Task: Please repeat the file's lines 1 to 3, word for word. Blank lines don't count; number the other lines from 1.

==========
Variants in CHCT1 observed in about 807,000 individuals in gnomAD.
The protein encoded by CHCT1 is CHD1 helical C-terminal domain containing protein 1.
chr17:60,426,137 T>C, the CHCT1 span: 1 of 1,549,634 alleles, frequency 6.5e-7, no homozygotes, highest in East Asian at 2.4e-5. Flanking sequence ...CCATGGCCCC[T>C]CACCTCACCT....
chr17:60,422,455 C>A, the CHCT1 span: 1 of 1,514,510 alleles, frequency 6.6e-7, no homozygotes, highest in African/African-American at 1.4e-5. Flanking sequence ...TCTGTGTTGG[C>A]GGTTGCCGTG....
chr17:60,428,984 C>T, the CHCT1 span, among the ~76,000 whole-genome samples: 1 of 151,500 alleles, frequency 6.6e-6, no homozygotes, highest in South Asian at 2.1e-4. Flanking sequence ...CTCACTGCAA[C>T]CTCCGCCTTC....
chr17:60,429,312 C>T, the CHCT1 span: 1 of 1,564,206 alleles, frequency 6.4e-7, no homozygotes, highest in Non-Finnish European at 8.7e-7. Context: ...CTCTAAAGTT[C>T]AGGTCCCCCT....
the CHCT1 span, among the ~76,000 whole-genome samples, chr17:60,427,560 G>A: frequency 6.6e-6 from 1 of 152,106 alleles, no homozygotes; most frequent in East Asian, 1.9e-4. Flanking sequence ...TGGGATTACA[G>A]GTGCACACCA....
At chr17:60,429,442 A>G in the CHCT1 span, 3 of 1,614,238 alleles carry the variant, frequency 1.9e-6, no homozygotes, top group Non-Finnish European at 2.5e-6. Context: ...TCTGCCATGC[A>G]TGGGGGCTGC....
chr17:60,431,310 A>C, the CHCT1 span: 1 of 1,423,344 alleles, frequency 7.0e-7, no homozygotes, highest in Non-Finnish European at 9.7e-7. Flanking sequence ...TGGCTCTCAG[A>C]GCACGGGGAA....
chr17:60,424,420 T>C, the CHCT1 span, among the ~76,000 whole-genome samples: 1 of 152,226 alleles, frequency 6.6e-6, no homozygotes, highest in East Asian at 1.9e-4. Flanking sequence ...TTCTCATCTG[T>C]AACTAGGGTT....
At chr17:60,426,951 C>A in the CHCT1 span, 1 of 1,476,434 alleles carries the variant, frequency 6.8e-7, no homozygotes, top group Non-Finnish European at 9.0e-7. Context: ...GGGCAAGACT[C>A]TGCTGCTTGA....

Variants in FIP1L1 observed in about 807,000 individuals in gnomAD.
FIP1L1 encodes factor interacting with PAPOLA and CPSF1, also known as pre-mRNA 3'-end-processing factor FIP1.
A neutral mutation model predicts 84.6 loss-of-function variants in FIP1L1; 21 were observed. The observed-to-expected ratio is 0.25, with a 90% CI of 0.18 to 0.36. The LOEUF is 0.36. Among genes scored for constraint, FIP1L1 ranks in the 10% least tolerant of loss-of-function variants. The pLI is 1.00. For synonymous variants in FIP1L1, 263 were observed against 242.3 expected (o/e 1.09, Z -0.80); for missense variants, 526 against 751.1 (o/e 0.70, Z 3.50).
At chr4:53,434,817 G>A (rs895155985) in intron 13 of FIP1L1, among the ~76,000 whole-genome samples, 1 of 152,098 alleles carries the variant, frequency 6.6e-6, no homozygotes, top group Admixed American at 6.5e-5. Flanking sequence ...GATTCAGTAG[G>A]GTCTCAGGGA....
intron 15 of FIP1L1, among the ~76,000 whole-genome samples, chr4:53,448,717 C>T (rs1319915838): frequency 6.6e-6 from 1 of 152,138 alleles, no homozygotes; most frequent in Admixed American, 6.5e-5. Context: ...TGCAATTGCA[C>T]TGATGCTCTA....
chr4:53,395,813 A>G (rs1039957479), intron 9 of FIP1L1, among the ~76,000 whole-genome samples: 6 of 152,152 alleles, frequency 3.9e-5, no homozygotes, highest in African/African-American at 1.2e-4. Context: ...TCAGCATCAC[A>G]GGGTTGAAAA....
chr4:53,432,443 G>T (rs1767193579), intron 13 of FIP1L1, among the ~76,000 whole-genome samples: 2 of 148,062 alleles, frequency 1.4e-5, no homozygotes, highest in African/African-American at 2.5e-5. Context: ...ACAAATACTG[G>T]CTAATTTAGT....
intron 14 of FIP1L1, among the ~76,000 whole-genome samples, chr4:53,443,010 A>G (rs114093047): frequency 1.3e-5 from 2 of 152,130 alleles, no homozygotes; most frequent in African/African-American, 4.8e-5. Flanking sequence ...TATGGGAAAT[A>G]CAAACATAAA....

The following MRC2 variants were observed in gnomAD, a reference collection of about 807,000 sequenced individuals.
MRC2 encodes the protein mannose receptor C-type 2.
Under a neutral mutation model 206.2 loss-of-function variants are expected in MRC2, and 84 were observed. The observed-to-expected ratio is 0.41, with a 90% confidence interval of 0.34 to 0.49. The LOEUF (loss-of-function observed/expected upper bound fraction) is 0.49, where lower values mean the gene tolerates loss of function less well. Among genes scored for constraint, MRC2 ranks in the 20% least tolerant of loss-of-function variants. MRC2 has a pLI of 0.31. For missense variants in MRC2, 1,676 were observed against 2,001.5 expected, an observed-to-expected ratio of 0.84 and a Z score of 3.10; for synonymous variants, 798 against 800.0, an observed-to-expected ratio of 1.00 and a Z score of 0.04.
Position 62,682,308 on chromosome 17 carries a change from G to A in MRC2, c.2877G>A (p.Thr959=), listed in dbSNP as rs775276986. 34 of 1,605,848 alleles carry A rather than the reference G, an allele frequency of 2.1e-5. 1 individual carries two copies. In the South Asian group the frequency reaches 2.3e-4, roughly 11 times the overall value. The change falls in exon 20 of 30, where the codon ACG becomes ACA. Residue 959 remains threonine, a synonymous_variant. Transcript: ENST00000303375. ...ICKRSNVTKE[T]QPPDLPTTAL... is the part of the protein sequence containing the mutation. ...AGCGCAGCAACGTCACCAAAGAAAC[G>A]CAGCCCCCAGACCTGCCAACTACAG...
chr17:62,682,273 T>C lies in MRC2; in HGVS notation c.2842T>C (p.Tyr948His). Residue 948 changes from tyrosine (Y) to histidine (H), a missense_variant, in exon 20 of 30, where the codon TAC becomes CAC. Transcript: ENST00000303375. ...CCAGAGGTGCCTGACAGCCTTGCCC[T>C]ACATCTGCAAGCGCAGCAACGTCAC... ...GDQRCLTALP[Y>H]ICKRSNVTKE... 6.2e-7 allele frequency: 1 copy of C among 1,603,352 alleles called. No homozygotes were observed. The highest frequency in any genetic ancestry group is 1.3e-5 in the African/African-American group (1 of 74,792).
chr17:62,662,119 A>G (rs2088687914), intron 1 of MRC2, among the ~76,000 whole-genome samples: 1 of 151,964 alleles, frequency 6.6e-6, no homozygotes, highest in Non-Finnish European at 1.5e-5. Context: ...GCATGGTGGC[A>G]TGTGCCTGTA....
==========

Variants in CHCT1 observed in about 807,000 individuals in gnomAD.
The protein encoded by CHCT1 is CHD1 helical C-terminal domain containing protein 1.
chr17:60,426,137 T>C, the CHCT1 span: 1 of 1,549,634 alleles, frequency 6.5e-7, no homozygotes, highest in East Asian at 2.4e-5. Flanking sequence ...CCATGGCCCC[T>C]CACCTCACCT....